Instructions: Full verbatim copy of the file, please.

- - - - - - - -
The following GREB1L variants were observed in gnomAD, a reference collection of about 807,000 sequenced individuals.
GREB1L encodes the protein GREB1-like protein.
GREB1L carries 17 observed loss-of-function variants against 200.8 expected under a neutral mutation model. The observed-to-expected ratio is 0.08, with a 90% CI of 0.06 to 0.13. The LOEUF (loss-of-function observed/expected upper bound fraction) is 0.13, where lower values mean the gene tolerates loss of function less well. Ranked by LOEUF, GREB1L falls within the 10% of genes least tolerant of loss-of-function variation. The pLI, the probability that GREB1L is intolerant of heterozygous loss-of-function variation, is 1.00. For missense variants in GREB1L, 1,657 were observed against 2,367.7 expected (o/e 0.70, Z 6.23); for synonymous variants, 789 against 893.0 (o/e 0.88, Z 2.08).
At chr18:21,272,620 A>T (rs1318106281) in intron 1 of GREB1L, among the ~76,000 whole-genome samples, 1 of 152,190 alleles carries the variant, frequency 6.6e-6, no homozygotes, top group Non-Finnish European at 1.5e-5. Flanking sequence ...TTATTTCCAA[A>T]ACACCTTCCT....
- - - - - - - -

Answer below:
The following GREB1L variants were observed in gnomAD, a reference collection of about 807,000 sequenced individuals.
GREB1L encodes the protein GREB1-like protein.
GREB1L carries 17 observed loss-of-function variants against 200.8 expected under a neutral mutation model. The observed-to-expected ratio is 0.08, with a 90% CI of 0.06 to 0.13. The LOEUF (loss-of-function observed/expected upper bound fraction) is 0.13, where lower values mean the gene tolerates loss of function less well. Ranked by LOEUF, GREB1L falls within the 10% of genes least tolerant of loss-of-function variation. The pLI, the probability that GREB1L is intolerant of heterozygous loss-of-function variation, is 1.00. For missense variants in GREB1L, 1,657 were observed against 2,367.7 expected (o/e 0.70, Z 6.23); for synonymous variants, 789 against 893.0 (o/e 0.88, Z 2.08).
At chr18:21,272,620 A>T (rs1318106281) in intron 1 of GREB1L, among the ~76,000 whole-genome samples, 1 of 152,190 alleles carries the variant, frequency 6.6e-6, no homozygotes, top group Non-Finnish European at 1.5e-5. Flanking sequence ...TTATTTCCAA[A>T]ACACCTTCCT....